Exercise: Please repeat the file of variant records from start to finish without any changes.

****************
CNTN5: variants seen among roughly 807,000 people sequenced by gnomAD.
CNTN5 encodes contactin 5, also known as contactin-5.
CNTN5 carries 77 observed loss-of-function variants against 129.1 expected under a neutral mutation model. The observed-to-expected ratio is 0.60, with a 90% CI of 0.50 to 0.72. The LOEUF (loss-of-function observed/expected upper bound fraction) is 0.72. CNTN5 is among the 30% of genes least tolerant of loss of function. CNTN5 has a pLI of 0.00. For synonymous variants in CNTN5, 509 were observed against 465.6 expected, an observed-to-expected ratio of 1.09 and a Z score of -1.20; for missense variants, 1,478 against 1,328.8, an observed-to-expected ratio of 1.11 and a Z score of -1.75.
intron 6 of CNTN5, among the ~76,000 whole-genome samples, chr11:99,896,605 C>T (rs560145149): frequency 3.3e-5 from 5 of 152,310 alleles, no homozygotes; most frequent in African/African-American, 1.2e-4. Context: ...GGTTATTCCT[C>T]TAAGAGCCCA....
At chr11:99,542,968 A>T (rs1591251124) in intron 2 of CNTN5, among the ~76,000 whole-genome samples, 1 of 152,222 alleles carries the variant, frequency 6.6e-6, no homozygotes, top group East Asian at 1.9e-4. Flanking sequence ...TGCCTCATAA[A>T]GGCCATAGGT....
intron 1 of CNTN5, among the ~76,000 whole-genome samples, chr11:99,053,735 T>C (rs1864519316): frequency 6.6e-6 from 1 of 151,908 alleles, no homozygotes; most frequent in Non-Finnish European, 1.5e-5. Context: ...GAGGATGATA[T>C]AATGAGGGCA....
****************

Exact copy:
CNTN5: variants seen among roughly 807,000 people sequenced by gnomAD.
CNTN5 encodes contactin 5, also known as contactin-5.
CNTN5 carries 77 observed loss-of-function variants against 129.1 expected under a neutral mutation model. The observed-to-expected ratio is 0.60, with a 90% CI of 0.50 to 0.72. The LOEUF (loss-of-function observed/expected upper bound fraction) is 0.72. CNTN5 is among the 30% of genes least tolerant of loss of function. CNTN5 has a pLI of 0.00. For synonymous variants in CNTN5, 509 were observed against 465.6 expected, an observed-to-expected ratio of 1.09 and a Z score of -1.20; for missense variants, 1,478 against 1,328.8, an observed-to-expected ratio of 1.11 and a Z score of -1.75.
intron 6 of CNTN5, among the ~76,000 whole-genome samples, chr11:99,896,605 C>T (rs560145149): frequency 3.3e-5 from 5 of 152,310 alleles, no homozygotes; most frequent in African/African-American, 1.2e-4. Context: ...GGTTATTCCT[C>T]TAAGAGCCCA....
At chr11:99,542,968 A>T (rs1591251124) in intron 2 of CNTN5, among the ~76,000 whole-genome samples, 1 of 152,222 alleles carries the variant, frequency 6.6e-6, no homozygotes, top group East Asian at 1.9e-4. Flanking sequence ...TGCCTCATAA[A>T]GGCCATAGGT....
intron 1 of CNTN5, among the ~76,000 whole-genome samples, chr11:99,053,735 T>C (rs1864519316): frequency 6.6e-6 from 1 of 151,908 alleles, no homozygotes; most frequent in Non-Finnish European, 1.5e-5. Context: ...GAGGATGATA[T>C]AATGAGGGCA....